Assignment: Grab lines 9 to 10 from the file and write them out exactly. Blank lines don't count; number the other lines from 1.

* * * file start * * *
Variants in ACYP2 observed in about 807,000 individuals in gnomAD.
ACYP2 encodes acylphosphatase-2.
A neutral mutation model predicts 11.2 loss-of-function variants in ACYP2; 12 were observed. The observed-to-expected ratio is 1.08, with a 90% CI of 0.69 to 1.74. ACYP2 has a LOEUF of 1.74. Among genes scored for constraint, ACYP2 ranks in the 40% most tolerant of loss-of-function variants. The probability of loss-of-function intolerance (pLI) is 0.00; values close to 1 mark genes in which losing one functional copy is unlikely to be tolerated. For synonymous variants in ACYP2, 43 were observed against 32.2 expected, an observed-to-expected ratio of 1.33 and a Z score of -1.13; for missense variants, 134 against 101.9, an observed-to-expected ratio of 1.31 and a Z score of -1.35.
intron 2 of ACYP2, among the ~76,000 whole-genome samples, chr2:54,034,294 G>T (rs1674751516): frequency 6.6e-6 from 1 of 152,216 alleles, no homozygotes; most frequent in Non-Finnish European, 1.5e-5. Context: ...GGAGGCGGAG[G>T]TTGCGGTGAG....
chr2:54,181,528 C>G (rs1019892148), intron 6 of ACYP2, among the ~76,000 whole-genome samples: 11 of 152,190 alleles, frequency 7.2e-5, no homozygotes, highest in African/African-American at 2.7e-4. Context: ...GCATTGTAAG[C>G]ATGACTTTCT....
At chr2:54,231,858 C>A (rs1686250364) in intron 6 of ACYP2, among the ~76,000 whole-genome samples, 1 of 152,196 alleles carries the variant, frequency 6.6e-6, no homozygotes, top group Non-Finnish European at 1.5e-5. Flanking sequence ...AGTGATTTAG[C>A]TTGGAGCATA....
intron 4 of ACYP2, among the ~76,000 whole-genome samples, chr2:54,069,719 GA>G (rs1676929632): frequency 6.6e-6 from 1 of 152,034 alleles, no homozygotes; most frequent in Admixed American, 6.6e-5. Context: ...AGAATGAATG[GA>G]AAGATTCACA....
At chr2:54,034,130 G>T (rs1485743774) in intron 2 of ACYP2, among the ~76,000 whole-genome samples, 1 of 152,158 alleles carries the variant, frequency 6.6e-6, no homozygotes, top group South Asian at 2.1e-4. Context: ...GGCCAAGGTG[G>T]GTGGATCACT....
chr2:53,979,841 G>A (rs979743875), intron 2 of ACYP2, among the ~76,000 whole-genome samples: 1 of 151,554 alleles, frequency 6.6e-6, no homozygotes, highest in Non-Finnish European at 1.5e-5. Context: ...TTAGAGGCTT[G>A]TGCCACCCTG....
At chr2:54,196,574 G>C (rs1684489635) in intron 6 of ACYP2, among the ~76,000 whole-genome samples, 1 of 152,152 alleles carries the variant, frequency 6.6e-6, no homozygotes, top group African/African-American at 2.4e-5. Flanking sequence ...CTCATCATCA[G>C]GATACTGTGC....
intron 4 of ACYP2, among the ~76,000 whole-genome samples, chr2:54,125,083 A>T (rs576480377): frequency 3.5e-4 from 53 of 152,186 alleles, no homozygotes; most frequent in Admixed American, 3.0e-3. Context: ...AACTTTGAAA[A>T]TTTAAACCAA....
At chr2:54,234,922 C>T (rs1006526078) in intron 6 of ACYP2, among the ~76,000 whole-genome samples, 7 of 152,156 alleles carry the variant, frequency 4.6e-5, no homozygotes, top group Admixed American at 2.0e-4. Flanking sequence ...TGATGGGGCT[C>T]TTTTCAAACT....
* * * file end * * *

chr2:53,979,841 G>A (rs979743875), intron 2 of ACYP2, among the ~76,000 whole-genome samples: 1 of 151,554 alleles, frequency 6.6e-6, no homozygotes, highest in Non-Finnish European at 1.5e-5. Context: ...TTAGAGGCTT[G>A]TGCCACCCTG....
At chr2:54,196,574 G>C (rs1684489635) in intron 6 of ACYP2, among the ~76,000 whole-genome samples, 1 of 152,152 alleles carries the variant, frequency 6.6e-6, no homozygotes, top group African/African-American at 2.4e-5. Flanking sequence ...CTCATCATCA[G>C]GATACTGTGC....